Thought 1. On the Cutler Injury
It shouldn’t surprise anyone that much of the analysis done on the Bears this season has failed to mention they have been without their starting quarterback for five and a half of the seven contests. Jay has always been undervalued in Chicago, especially by those covering the team and Brian Hoyer’s ability to move the football (without, you know, scoring any points) seemed to convince many reporters that his filling in as signal caller was essentially a push at the position. It’s not.
You ever see Monty Python & the Holy Grail? You know the iconic sequence where King Arthur fights The Black Knight? (Look you stupid bastard, you’ve got no arms left! / Yes I have!) Well that Knight, at that moment in the film, could throw a better deep ball than Brian Hoyer.
Hoyer’s failure to connect on anything down the field has cost the Bears three concrete touchdowns and countless other scoring opportunities.
If Jay Cutler plays these seven games, do they beat Indy and Jacksonville? I think so. Do they beat Green Bay on Thursday night? Yes, I think so. Because all the Bears needed in the second half against the Packers was competent quarterback play. They needed to keep the football, score a few points and keep the pressure on. Instead they got Barkley’d. Hard.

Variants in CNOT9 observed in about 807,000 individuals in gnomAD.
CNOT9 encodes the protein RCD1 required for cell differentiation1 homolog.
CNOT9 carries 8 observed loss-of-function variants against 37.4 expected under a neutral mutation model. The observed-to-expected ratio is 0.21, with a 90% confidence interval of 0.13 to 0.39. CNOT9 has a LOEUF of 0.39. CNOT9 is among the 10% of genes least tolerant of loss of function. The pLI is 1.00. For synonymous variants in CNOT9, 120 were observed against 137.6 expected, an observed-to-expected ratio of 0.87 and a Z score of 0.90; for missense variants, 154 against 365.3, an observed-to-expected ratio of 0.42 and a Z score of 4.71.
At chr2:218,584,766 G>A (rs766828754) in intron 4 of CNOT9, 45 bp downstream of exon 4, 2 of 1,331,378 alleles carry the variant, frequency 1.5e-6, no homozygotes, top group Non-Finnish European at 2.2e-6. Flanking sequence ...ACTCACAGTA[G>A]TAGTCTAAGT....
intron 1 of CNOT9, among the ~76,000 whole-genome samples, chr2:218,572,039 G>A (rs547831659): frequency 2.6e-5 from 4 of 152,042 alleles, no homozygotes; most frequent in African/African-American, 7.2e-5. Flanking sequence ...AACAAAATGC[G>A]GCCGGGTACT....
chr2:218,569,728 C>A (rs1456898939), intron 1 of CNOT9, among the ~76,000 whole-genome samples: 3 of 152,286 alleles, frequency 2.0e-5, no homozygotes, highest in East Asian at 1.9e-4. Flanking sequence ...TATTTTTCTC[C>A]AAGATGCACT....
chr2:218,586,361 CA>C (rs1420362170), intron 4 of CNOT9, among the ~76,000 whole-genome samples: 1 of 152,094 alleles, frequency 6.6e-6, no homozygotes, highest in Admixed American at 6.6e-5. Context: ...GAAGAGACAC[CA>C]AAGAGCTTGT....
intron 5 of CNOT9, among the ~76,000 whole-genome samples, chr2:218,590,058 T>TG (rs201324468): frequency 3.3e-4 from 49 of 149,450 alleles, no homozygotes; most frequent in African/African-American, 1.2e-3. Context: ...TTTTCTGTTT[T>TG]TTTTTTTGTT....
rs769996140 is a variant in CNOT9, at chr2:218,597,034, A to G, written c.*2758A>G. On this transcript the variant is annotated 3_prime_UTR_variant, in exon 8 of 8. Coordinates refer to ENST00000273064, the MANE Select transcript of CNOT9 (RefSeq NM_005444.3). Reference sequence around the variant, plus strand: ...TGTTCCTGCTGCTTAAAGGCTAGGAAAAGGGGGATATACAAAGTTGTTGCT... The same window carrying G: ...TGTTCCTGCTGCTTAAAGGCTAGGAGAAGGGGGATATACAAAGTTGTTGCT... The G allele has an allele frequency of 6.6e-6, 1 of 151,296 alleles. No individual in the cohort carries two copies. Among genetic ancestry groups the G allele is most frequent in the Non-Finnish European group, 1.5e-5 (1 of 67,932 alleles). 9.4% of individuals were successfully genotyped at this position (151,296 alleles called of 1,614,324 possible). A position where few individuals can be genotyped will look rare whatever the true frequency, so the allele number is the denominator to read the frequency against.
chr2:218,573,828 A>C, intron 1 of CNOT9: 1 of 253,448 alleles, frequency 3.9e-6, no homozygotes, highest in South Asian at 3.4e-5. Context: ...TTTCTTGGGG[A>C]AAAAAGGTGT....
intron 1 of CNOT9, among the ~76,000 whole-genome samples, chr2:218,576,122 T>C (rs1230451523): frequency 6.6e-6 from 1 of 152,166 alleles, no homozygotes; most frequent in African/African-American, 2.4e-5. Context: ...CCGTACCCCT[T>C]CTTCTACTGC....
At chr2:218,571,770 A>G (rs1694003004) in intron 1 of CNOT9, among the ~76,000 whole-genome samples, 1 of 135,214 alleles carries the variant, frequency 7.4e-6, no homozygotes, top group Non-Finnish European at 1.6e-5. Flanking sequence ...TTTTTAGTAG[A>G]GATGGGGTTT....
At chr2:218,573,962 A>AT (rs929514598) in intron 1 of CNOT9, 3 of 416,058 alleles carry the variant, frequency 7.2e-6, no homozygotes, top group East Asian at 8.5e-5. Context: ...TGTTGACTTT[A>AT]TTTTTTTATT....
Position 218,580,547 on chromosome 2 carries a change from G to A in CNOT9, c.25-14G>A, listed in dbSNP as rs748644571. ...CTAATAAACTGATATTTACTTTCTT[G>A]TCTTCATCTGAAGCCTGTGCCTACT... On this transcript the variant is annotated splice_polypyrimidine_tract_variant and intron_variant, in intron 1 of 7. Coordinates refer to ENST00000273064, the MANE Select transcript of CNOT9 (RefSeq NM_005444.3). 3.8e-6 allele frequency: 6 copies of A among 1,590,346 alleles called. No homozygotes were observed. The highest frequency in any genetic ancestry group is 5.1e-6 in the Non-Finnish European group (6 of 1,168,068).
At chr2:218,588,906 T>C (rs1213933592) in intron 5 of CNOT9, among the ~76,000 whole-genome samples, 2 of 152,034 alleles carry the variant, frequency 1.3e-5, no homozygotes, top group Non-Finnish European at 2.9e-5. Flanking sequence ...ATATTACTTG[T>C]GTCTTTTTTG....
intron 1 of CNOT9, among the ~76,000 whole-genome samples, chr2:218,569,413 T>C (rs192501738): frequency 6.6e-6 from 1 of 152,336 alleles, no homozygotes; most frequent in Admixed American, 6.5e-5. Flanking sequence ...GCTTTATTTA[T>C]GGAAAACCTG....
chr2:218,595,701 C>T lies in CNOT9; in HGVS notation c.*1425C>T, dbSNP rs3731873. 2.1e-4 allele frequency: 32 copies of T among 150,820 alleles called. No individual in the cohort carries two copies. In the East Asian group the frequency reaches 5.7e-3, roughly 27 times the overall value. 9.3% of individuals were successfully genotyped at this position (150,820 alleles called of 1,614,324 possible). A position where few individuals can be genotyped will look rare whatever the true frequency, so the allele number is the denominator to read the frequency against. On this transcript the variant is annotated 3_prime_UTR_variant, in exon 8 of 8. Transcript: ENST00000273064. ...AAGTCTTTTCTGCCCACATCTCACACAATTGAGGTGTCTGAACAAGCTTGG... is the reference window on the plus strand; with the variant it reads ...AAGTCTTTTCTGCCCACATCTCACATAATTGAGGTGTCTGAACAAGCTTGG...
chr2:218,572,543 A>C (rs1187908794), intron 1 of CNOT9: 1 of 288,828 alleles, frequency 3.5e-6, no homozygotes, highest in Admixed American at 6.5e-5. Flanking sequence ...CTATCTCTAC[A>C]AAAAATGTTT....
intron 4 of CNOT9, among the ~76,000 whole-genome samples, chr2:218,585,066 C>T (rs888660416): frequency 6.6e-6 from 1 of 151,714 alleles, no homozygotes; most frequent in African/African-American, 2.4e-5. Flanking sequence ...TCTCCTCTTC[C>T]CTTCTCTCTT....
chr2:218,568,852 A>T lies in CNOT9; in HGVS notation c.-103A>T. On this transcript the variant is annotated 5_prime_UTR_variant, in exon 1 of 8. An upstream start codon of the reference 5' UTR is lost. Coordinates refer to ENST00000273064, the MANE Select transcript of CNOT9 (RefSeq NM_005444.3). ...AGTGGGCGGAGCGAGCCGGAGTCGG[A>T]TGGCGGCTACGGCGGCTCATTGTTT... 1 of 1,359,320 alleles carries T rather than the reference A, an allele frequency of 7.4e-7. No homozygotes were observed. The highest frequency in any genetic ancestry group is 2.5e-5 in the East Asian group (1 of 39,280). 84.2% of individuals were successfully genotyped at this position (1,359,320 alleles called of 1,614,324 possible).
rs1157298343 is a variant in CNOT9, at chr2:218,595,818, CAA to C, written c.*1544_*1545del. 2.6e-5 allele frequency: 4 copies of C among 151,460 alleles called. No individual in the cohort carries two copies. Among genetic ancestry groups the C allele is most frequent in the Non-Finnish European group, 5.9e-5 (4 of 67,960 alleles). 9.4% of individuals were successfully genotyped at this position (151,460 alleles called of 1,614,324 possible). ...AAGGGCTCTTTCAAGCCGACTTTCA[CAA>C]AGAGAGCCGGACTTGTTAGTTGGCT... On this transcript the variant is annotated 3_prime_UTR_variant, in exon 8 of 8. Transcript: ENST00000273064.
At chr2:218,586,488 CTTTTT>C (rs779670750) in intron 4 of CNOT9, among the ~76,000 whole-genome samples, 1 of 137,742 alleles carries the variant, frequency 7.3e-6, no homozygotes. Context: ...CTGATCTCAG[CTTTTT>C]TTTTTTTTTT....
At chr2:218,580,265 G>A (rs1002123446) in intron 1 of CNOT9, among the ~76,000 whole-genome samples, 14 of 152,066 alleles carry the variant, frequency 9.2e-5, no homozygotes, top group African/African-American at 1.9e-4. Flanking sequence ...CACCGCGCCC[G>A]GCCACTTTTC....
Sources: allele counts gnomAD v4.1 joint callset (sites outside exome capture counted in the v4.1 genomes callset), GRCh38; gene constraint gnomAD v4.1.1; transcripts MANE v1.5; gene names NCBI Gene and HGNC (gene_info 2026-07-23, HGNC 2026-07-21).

Break down these seven games however you like. But the most important moment, without question, was Cutler injuring his thumb against the Philadelphia Eagles.
Thought 2. On the Injuries, In General
I’ve never seen anything like it.
The Bears are now down two quarterbacks, their starting tailback, two of their three starting receivers, two starting guards, a starting center, their best defensive lineman, one and a half outside linebackers, a starting corner and about four other corners.
And they’re still in every game.
The injuries that hurt most are not the quarterbacks or Eddie Goldman or the guards or Pernell McPhee. The Bears know, for the most part, what those players are and there’s little evaluation left to be done. Goldman, one could argue, is a bit of an unknown but the Bears believe he’s going to be an elite nose tackle.
No, the injuries that hurt most are the players the Bears desperately need to evaluate. What is Kevin White? Will Kyle Fuller be a fit in this defensive system? Can Deiondre’ Hall develop the ball awareness required to be a consistent NFL corner? Without these players finding the field in 2016, they’ll enter 2017 as question marks.
The second half of the schedule is not particularly difficult for the Bears but wins and losses are now secondary. They need to continue developing young talent. But that’s difficult to do when the young talent is wearing a jumpsuit on game day.